Price Performance in the Cloud: The Planet Cloud Storage Performance White Paper Whets the Appetite, but Fails to Satisfy

Recently, The Planet published a white paper comparing Cloud Storage performance as offered by The Planet (which uses Nirvanix), Amazon S3 and Rackspace CloudFiles. It did a nice job of creating a performance-oriented benchmark, comparing Cloud Storage file upload and download time for the three services. While it is necessary to understand this factor associated with Cloud Storage, it is far from sufficient and much more is needed, if one wants to begin assembling metrics and from these make business and technology decisions.

While this does paint The Planet’s offering in a very positive light, one has to question the pertinence of the actual test. (Knowing how our offering would have performed in the specific test, as the CEO of Mezeo, I am a bit disappointed that we were not included in the test) Of course, at the end of the day we have to remember that this is after all a test conducted by one of the vendors who also somehow turned out to be the winner. A third party validation of the results would certainly be more credible. To that end we are assembling a slate of comparisons and seeking third party verifications, and hope to publish these results in late summer.

A notable omission in the test was the comparison of the price per GB of the storage. Based upon published prices, The Planet offering is significantly more expensive than the others.

This introduces the idea of price performance, and that is very applicable, since many Cloud Storage use cases do not contemplate that the accessing server is housed in the same data center as the Cloud Storage solution it is accessing. When access via the Internet is contemplated, the specific speeds of upload and download as revealed in the aforementioned test may be less pertinent, whereas price or other features may be the major differentiator of note.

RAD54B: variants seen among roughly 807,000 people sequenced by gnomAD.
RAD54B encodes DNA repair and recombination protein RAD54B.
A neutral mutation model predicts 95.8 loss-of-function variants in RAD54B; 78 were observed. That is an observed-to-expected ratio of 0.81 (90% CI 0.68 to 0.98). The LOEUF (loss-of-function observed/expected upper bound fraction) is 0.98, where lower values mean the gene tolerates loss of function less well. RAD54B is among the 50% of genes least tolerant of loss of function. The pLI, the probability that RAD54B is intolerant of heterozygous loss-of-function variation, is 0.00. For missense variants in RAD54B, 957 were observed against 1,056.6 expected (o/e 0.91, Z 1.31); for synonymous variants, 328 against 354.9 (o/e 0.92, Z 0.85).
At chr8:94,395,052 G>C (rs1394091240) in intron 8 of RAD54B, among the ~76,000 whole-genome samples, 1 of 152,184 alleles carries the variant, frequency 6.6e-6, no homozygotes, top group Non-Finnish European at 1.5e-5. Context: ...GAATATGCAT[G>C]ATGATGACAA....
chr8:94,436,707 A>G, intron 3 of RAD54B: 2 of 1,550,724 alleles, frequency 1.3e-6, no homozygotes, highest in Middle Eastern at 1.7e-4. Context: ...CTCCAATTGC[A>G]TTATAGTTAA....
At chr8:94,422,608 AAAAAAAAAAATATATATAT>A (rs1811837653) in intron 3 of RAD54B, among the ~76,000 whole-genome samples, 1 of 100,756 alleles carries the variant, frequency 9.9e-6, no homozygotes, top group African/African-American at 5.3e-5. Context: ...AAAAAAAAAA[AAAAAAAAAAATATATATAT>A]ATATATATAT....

How about the following metrics:

  • availability: a fact based measurement
  • reliability: based on the SLA offering
  • ease of Web Services API access: length and complexity of required API usage against a defined set of standard actions
  • access methods: WebDAV, NFS, CIFS
  • security
  • feature/function richness and differentiation: sharing and collaboration, available clients, tagging, geo capabilities
  • utility billing: true pay for use and on what time frames and at what minimums, and ultimate scalability (how much storage is immediately available).

All or any of these may be highly pertinent to a Cloud Storage decision.

And finally, how about running the test enough times so that the results are reliable and meaningful? Running the test for a total of four times and concluding that Amazon S3 has a 90+% variance is a bit of a stretch.

Please do not take this blog post as being too critical; I am grateful that The Planet is signaling a degree of market maturity as real, meaningful discussion of Cloud Storage attributes are brought to the marketplace. The Planet is to be congratulated for elevating the discussion. Now all Cloud Storage service providers, and infrastructure providers who enable storage cloud offerings, need to begin the hard work of defining the metrics, and publishing the results.

It is very interesting that we are still working out the definition of Cloud Storage and now we are faced with benchmarking competing service offerings. The Cloud Storage marketplace is growing rapidly, and all of us are engaged in bringing this new capability to market.

Thanks for reading this post, and stand by, more on this topic coming soon.

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